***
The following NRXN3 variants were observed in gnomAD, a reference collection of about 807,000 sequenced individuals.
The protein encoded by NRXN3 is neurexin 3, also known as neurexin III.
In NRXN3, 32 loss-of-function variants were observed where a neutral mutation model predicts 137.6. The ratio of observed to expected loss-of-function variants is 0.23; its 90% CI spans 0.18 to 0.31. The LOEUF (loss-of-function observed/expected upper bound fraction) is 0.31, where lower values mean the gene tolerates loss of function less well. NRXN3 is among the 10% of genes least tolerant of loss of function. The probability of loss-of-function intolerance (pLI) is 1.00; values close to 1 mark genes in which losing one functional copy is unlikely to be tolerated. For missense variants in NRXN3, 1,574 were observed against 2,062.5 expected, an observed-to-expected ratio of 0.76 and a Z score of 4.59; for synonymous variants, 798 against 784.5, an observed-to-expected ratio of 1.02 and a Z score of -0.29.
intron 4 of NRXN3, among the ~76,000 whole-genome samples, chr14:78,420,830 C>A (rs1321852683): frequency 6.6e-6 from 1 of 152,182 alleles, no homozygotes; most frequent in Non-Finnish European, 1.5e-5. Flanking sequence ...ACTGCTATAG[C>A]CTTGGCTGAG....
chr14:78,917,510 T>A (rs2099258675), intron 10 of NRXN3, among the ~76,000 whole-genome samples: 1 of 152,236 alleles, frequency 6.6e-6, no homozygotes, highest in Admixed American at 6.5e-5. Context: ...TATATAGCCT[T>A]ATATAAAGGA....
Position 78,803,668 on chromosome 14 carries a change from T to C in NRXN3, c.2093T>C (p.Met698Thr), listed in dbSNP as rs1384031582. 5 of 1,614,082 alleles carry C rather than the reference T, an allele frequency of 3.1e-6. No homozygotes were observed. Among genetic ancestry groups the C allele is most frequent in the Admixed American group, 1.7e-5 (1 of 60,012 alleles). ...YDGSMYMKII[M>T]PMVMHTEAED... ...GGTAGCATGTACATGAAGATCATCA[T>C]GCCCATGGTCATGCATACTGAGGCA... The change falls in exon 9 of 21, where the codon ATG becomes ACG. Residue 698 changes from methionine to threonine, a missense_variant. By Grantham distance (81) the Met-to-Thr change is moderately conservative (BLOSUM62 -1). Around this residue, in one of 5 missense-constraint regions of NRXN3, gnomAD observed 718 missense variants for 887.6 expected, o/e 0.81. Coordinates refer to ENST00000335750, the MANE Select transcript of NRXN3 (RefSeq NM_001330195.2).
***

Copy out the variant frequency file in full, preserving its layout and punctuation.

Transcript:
The following NRXN3 variants were observed in gnomAD, a reference collection of about 807,000 sequenced individuals.
The protein encoded by NRXN3 is neurexin 3, also known as neurexin III.
In NRXN3, 32 loss-of-function variants were observed where a neutral mutation model predicts 137.6. The ratio of observed to expected loss-of-function variants is 0.23; its 90% CI spans 0.18 to 0.31. The LOEUF (loss-of-function observed/expected upper bound fraction) is 0.31, where lower values mean the gene tolerates loss of function less well. NRXN3 is among the 10% of genes least tolerant of loss of function. The probability of loss-of-function intolerance (pLI) is 1.00; values close to 1 mark genes in which losing one functional copy is unlikely to be tolerated. For missense variants in NRXN3, 1,574 were observed against 2,062.5 expected, an observed-to-expected ratio of 0.76 and a Z score of 4.59; for synonymous variants, 798 against 784.5, an observed-to-expected ratio of 1.02 and a Z score of -0.29.
intron 4 of NRXN3, among the ~76,000 whole-genome samples, chr14:78,420,830 C>A (rs1321852683): frequency 6.6e-6 from 1 of 152,182 alleles, no homozygotes; most frequent in Non-Finnish European, 1.5e-5. Flanking sequence ...ACTGCTATAG[C>A]CTTGGCTGAG....
chr14:78,917,510 T>A (rs2099258675), intron 10 of NRXN3, among the ~76,000 whole-genome samples: 1 of 152,236 alleles, frequency 6.6e-6, no homozygotes, highest in Admixed American at 6.5e-5. Context: ...TATATAGCCT[T>A]ATATAAAGGA....
Position 78,803,668 on chromosome 14 carries a change from T to C in NRXN3, c.2093T>C (p.Met698Thr), listed in dbSNP as rs1384031582. 5 of 1,614,082 alleles carry C rather than the reference T, an allele frequency of 3.1e-6. No homozygotes were observed. Among genetic ancestry groups the C allele is most frequent in the Admixed American group, 1.7e-5 (1 of 60,012 alleles). ...YDGSMYMKII[M>T]PMVMHTEAED... ...GGTAGCATGTACATGAAGATCATCA[T>C]GCCCATGGTCATGCATACTGAGGCA... The change falls in exon 9 of 21, where the codon ATG becomes ACG. Residue 698 changes from methionine to threonine, a missense_variant. By Grantham distance (81) the Met-to-Thr change is moderately conservative (BLOSUM62 -1). Around this residue, in one of 5 missense-constraint regions of NRXN3, gnomAD observed 718 missense variants for 887.6 expected, o/e 0.81. Coordinates refer to ENST00000335750, the MANE Select transcript of NRXN3 (RefSeq NM_001330195.2).